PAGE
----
I may have mistranscribed some of this, but here is what was written as the second story on the front of today’s Evening Standard:
Gordon Brown today vowed to “get tough” on equestrianism as he insisted the Government was right to sack a scientist who said horse riding was as dangerous as ecstasy. The Prime Minister warned against the danger of giving “mixed messages” to young people targeted by dealers. Mr Brown said: “A tough policy on equestrianism is essential and it is what the public want. I’ve seen the damage that equestriansim can do and people can see it in estates in London.”
This is almost exactly what it said, although I may have mixed up the word “drugs” with “equestrianism”. Still, they’re as dangerous as each other, statistcially, so it probably doesn’t make any difference.
On a more serious note, does Brown really think that the public is too thick to take on board that some drugs are dangerous (and can lead to dependency and crime) while others are not? Certainly, it is a marginally more sophisticated idea than the message “all drugs are bad”, but it’s not exactly Fermat’s Last Theorem, is it?*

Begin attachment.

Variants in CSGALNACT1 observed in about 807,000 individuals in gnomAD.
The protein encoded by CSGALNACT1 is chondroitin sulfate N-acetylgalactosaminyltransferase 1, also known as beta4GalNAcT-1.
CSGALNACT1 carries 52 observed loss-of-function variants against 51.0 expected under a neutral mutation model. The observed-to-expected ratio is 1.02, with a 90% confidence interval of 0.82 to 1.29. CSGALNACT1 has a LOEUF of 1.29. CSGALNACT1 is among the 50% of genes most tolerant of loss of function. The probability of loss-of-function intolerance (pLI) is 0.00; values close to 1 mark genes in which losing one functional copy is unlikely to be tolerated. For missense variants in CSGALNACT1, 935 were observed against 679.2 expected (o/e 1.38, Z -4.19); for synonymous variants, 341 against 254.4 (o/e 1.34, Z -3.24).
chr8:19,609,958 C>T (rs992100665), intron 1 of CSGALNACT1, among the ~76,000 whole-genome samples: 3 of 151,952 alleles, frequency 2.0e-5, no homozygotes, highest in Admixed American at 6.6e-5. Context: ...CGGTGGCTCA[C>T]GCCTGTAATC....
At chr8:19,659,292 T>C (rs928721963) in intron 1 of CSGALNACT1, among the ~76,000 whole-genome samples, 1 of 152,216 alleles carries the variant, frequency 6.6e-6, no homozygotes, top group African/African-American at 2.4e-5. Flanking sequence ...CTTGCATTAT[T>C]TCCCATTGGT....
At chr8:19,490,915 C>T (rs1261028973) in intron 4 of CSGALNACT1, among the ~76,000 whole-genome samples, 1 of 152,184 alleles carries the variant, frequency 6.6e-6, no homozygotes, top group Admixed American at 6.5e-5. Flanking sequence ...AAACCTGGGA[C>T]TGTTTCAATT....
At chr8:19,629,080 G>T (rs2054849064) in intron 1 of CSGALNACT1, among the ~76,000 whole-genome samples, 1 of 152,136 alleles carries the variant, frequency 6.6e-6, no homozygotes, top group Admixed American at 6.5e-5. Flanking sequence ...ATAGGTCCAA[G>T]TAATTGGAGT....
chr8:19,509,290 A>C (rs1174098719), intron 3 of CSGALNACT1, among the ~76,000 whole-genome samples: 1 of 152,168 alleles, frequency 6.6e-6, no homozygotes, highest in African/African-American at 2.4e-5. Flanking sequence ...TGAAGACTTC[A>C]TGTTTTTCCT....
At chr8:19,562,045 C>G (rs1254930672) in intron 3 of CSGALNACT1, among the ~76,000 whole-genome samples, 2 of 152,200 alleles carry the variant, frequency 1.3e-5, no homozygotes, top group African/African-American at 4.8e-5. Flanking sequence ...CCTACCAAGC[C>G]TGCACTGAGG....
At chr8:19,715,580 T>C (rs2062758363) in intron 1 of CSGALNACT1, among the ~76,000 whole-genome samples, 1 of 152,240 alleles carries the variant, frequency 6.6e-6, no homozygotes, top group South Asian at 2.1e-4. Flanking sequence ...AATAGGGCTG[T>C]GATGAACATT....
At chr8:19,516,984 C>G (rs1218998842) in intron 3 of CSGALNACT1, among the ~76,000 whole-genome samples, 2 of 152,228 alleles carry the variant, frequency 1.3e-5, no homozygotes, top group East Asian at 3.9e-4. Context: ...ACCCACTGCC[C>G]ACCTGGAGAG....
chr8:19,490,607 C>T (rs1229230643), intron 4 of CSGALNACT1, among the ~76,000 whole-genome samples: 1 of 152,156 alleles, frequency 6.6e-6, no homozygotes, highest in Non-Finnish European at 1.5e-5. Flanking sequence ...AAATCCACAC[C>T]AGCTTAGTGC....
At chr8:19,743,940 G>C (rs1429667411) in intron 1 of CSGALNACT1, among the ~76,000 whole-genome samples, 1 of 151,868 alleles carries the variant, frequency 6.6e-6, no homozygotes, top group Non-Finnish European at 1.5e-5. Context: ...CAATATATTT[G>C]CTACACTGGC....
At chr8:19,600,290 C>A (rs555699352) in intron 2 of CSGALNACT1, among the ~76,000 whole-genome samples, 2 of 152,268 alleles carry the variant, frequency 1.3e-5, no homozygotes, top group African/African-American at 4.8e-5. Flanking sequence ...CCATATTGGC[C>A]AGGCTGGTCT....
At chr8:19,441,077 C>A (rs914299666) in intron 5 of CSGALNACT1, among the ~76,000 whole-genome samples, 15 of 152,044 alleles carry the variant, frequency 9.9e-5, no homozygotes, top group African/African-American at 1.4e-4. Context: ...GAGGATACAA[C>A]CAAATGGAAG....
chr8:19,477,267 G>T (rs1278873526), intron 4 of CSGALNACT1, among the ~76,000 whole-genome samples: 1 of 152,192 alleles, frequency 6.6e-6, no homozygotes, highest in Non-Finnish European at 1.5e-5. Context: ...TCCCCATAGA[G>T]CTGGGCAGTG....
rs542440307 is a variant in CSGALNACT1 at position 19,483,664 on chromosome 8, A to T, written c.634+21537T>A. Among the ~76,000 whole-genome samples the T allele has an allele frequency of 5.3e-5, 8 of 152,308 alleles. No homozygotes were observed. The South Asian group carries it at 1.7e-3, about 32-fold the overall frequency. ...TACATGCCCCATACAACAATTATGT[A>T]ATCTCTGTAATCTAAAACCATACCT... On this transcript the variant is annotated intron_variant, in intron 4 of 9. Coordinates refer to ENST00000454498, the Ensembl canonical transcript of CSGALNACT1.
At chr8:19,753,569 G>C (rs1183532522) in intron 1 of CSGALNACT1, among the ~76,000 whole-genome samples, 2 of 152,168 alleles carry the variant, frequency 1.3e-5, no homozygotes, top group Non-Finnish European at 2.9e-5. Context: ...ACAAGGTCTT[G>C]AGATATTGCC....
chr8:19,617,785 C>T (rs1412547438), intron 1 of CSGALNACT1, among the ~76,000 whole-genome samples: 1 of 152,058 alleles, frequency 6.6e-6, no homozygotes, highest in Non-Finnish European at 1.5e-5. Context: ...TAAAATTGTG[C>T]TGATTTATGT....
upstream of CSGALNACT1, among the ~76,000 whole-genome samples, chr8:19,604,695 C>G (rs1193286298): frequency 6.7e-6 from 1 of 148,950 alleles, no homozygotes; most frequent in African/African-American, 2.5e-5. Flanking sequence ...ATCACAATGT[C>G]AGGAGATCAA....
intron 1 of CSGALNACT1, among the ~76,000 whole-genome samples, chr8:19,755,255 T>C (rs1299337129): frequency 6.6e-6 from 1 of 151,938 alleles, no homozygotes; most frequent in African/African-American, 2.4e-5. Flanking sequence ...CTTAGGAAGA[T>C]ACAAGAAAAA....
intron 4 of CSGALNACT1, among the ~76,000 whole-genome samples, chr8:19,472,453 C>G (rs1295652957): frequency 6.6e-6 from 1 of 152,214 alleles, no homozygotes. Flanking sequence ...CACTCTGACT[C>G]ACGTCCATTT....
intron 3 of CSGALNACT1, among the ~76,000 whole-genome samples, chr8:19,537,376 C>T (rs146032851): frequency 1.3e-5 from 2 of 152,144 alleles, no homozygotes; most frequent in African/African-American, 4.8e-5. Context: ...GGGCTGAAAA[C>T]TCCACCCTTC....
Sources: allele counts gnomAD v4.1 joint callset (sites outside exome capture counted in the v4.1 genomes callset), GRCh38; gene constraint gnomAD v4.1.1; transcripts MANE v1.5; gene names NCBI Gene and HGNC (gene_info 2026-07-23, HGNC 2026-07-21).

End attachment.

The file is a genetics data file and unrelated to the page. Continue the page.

The message that heroin and crack cocaine are very dangerous but cannabis and ecstasy are not is mixed, but it does at least have the virtue of being true. Furthermore, we have a multi-level drugs classification system. If anyone is giving out mixed messages it is the Prime Minister, who insists that ecstasy should remain in the same category as crack and that cannabis should revert to being in the same category as speed.
Brown says that “everybody knows lives that have been ruined because of drugs”, which may or may not be true, but it is no more valid than saying “everybody knows lives that have been ruined because of alcohol”. He’s got to do better than that, else he’s giving a far more potent message to the public, namely that he thinks we’re stupid.
*I’ve checked. Fermat’s Last Theorem states that no three positive integers a, b, and c can satisfy the equation an + bn = cn for any integer value of n greater than two.